National Cancer Institute
The National Cancer Institute’s SmokefreeTXT program doubled the smoking quit rate among teens when they received text message support.
Challenge: How do you help smokers change their behaviors and quit?
The National Cancer Institute wanted to help struggling smokers quit their addiction and live healthier lifestyles. Quitting smoking, however, is notoriously difficult. Cravings can overwhelm even your strongest resolutions, and in the hustle and bustle of daily life, it’s easy to cheat. The National Cancer Institute wanted to launch a program that would help inspire adults and teens to stay smoke-free every day.
Solution: Launch a personalized text message campaign to help teens and adults defeat their cravings
The National Cancer Institute worked with Upland Mobile Messaging to launch SmokefreeTXT, a targeted text messaging campaign. SmokefreeTXT regularly texts out encouraging messages to adults and teens who are trying to quit smoking. For example, one message reads: “Smoking 1 may seem like the answer but you know its not. Stay strong! Cravings fade even without smoking & you’ll be proud for staying focused.”
The program starts with a 14-day countdown to quitting, followed with six weeks of motivational messages to help quitters follow through and stay smokefree. The program also helps track people’s moods and craving levels as they struggle to quit. The message content and timing is personalized for each individual based on his or her target quit date.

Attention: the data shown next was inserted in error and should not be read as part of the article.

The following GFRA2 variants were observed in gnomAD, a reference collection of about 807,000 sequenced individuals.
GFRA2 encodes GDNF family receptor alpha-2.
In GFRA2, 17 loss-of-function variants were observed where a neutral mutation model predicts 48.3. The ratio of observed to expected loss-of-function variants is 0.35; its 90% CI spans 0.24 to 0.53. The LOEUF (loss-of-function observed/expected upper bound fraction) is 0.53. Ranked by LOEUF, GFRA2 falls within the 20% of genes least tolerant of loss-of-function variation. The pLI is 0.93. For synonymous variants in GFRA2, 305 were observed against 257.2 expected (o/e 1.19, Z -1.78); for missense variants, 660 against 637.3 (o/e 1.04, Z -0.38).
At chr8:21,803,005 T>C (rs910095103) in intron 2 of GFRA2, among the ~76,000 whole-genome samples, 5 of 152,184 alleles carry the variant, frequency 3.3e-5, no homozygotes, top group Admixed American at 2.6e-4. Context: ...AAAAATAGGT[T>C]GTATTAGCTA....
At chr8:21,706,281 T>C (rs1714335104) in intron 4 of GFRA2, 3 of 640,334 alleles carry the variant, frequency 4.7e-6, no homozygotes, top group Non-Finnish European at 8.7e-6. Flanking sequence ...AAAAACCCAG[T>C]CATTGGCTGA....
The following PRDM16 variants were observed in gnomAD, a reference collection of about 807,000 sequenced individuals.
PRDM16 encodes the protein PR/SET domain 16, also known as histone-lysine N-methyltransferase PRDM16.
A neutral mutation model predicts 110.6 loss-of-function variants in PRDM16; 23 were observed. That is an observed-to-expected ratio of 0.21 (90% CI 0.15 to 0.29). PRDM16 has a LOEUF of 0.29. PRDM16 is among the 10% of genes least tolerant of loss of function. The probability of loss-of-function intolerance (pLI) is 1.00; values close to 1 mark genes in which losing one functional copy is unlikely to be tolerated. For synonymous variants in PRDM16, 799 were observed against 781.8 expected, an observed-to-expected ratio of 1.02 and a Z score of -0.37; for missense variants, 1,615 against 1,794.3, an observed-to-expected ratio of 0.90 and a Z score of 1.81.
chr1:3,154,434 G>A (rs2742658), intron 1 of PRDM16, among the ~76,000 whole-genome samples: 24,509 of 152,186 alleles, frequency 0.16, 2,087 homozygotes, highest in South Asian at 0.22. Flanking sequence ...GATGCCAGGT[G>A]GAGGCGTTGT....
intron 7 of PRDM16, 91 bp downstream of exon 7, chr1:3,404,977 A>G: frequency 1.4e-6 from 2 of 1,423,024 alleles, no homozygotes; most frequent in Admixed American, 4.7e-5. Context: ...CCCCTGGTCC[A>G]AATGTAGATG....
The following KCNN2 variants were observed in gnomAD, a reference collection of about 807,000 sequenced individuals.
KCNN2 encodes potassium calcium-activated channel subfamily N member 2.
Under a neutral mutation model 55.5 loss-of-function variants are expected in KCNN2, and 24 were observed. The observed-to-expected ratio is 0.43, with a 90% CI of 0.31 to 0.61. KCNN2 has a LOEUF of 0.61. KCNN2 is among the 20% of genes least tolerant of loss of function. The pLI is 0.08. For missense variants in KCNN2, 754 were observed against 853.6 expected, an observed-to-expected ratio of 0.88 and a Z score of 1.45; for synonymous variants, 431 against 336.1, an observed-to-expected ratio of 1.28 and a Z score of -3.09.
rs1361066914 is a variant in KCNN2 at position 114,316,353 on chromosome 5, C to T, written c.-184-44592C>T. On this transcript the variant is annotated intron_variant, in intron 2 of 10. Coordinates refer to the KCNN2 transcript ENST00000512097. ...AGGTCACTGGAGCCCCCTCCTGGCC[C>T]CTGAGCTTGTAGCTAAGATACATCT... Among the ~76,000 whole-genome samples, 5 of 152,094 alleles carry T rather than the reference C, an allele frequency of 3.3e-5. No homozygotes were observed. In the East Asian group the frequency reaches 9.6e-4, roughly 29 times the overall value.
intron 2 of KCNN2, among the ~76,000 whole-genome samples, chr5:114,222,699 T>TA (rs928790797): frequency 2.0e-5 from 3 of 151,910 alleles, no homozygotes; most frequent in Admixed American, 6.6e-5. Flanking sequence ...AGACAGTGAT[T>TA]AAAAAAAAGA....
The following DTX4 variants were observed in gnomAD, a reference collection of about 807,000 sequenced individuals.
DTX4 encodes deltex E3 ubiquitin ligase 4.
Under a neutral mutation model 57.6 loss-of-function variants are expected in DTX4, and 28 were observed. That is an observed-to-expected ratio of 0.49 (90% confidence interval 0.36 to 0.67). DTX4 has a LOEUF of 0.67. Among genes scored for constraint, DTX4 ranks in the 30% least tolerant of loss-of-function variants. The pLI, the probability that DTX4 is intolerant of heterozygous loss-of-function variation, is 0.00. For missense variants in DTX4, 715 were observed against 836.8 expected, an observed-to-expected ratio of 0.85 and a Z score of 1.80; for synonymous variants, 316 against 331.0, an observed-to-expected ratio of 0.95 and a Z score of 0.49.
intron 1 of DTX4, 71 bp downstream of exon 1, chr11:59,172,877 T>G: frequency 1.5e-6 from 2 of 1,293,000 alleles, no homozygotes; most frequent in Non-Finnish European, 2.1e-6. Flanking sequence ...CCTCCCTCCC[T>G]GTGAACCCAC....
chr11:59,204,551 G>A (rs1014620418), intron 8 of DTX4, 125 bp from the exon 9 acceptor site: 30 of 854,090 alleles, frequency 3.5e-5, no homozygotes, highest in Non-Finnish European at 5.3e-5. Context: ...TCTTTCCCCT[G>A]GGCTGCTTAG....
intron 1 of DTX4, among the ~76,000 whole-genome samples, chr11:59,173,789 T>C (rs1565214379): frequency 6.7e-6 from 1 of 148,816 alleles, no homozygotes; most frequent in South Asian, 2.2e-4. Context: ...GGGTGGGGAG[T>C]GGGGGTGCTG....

Results: Quit rates among teens doubled
The program’s stellar results garnered press attention in Politico, where Erik Auguston, one of the National Cancer Institute’s behavioral researchers, discussed the results. According to Auguston:
- After one month, 12% of teens stopped smoking
- At six months, 6% have successfully stayed smoke free. This is more than double the typical quit rate for teens, which is around 2-3%.
Twice as many teens are able to quit smoking thanks to receiving the text messages.
“We’re trying to leverage the function of emerging technologies to do two things: One is to more effectively engage smokers in health behavior change … as a means to really engage these people in an intervention, and then the other thing is we’re trying to use these tools as a way to greatly expand our reach,” Augustson said.